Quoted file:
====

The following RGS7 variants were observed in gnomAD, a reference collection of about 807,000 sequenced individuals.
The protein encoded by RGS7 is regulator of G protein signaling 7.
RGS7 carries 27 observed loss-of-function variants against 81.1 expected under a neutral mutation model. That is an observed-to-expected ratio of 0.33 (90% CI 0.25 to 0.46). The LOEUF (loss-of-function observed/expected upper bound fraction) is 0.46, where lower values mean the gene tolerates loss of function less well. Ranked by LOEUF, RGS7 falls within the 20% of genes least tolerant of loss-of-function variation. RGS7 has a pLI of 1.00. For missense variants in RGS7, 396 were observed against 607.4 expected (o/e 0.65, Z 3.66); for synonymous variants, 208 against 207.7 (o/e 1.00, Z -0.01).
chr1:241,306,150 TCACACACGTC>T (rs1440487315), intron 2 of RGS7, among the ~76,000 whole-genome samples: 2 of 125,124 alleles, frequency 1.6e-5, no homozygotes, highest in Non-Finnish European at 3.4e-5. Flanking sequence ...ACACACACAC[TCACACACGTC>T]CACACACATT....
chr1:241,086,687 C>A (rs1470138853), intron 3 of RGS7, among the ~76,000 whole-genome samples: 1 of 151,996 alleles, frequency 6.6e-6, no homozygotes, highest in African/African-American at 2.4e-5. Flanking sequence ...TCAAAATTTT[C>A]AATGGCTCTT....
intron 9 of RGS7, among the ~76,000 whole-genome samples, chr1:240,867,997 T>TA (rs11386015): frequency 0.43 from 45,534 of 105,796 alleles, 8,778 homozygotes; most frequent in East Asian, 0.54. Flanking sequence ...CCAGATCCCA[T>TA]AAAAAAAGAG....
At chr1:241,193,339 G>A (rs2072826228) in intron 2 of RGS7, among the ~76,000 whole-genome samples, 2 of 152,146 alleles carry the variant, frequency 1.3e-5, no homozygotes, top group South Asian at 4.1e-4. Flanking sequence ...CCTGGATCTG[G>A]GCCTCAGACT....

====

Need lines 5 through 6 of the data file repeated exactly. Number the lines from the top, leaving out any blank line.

chr1:241,086,687 C>A (rs1470138853), intron 3 of RGS7, among the ~76,000 whole-genome samples: 1 of 151,996 alleles, frequency 6.6e-6, no homozygotes, highest in African/African-American at 2.4e-5. Flanking sequence ...TCAAAATTTT[C>A]AATGGCTCTT....
intron 9 of RGS7, among the ~76,000 whole-genome samples, chr1:240,867,997 T>TA (rs11386015): frequency 0.43 from 45,534 of 105,796 alleles, 8,778 homozygotes; most frequent in East Asian, 0.54. Flanking sequence ...CCAGATCCCA[T>TA]AAAAAAAGAG....